Intravenous fluid therapy is one of the most common therapeutic interventions performed in the ED and is a long-established treatment. The potential benefits of fluid therapy were initially described by Dr W B O’Shaughnessy in 1831 and first administered to an elderly woman with cholera by Dr Thomas Latta in 1832, with a marked initial clinical response. However, it was not until the end of the 19th century that medicine had gained understanding of infection risk that practice became safer and that the practice gained acceptance. The majority of fluid research has been performed on patients with critical illness, most commonly sepsis as this accounts for around two-thirds of shocked patients treated in the ED. However, there are few data to guide clinicians on fluid therapy choices in the non-critically unwell, by far our largest patient group. In this paper, we will discuss the best evidence and controversies for fluid therapy in medically ill patients.
- acute care
- cardiac care
- intensive care
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Intravenous fluid therapy is one of the most common therapeutic interventions performed in the ED, and is a long-established treatment. The potential benefits of fluid therapy were initially described by Dr W B O’Shaughnessy in 18311 and first administered to an elderly woman with cholera by Dr Thomas Latta in 1832,2 with a marked initial clinical response. However, it was not until the end of the 19th century when doctors had gained understanding of infection risk that practice became safer and the intervention gained acceptance.
The majority of research into intravenous fluid therapy has been performed on patients with critical illness, most commonly sepsis as this accounts for around two-thirds of shocked patients treated in the ED. However, there are few data to guide clinicians on fluid therapy choices in the non-critically unwell, by far our largest patient group. In this review, we will discuss the best evidence and controversies for fluid therapy in medically ill patients.
Imagine an elderly patient presenting with a pneumonia, who needs admission to hospital but is not critically unwell (normal observations). What changes in her condition would prompt you to prescribe intravenous fluids? Which fluid would you choose and in what dose? Would you prescribe intravenous fluids if her physiology was normal? This simple daily ED scenario raises a number of questions and there is likely to be great variation in practice. The deceptively simple questions of what fluid should be prescribed and how much are asked of junior doctors on a daily basis.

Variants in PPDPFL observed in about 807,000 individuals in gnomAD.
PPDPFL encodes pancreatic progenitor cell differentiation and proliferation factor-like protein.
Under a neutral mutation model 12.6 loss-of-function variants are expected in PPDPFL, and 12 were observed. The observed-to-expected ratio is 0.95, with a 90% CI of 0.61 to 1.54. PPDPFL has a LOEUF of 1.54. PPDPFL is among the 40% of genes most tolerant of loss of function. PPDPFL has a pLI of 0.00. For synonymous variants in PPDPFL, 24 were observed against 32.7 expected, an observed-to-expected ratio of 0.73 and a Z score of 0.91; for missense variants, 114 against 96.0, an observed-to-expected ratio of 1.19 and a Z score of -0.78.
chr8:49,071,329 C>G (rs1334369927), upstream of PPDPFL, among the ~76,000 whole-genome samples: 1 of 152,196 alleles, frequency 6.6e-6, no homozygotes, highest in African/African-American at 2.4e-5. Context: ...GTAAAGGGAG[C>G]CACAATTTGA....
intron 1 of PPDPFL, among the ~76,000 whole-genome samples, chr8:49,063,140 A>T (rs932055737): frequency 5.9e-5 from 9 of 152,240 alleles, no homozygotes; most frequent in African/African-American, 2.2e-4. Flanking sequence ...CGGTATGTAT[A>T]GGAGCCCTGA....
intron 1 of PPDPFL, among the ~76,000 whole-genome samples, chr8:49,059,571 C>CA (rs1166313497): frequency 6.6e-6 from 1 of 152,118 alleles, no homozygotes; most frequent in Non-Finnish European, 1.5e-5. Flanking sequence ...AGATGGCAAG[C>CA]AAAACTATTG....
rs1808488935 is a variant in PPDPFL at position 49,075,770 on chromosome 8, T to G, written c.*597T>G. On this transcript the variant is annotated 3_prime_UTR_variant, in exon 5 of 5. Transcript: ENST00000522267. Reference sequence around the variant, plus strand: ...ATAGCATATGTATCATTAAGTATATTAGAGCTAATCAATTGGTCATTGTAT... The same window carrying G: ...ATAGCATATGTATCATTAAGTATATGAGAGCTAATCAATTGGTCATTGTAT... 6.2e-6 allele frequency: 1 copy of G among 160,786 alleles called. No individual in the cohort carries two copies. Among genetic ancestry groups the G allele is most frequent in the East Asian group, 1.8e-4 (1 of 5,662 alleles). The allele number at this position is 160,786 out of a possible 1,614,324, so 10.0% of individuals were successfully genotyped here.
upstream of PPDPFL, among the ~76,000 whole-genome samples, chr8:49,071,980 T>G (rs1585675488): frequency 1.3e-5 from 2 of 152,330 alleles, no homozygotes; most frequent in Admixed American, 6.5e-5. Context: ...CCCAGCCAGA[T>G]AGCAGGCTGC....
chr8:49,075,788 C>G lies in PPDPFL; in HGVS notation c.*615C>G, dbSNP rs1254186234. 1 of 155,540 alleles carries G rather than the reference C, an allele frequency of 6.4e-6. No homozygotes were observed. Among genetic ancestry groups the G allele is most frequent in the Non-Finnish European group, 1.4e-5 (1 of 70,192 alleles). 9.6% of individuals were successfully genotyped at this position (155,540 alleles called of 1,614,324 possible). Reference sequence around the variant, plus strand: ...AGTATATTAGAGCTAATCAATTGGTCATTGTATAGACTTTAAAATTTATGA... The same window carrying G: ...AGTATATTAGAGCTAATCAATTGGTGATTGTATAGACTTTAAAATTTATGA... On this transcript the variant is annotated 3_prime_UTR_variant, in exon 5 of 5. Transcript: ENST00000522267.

Which fluid should I prescribe?
Normal saline was described around 150 years ago, initially to store red blood cells. It is hyperosmolar to plasma (osmolality 308 mOsm/L as compared with 275–285 mOsm/L) due to errors in calculating its composition remaining uncorrected since the initial formulation. Solutions balanced both by electrolyte composition and osmolality to approximate to (human) plasma include Hartmann’s, Ringer’s and Plasma-Lyte (table 1). However, the inability to manufacture plastic that can store bicarbonate sees all solutions replace this with an alternative, most commonly lactate, so the term ‘balanced’ is relative.
Colloids were developed post-World War II to offer a cheaper alternative to albumin. Manufacturers suggested that, with these fluids, less volume would be needed for a given intravascular effect, thereby reducing tissue oedema and minimising volume infused. Data from the Saline versus Albumin Fluids Evaluation (SAFE) trial, which tested the safety of albumin in 0.9% saline as compared with 0.9% saline in patients admitted to intensive care units (ICUs) and requiring fluid bolus administration, suggest that this does not translate to clinical practice with a replacement volume ratio of 1:1.4 reported.3
Data suggest that emergency physicians (EPs) most commonly prescribe 0.9% saline while colleagues in critical care favour (so-called) balanced solutions, most commonly Hartmann’s Solution in the UK.4 5 Colloids are also more rarely used in the ED.
Crystalloids versus colloids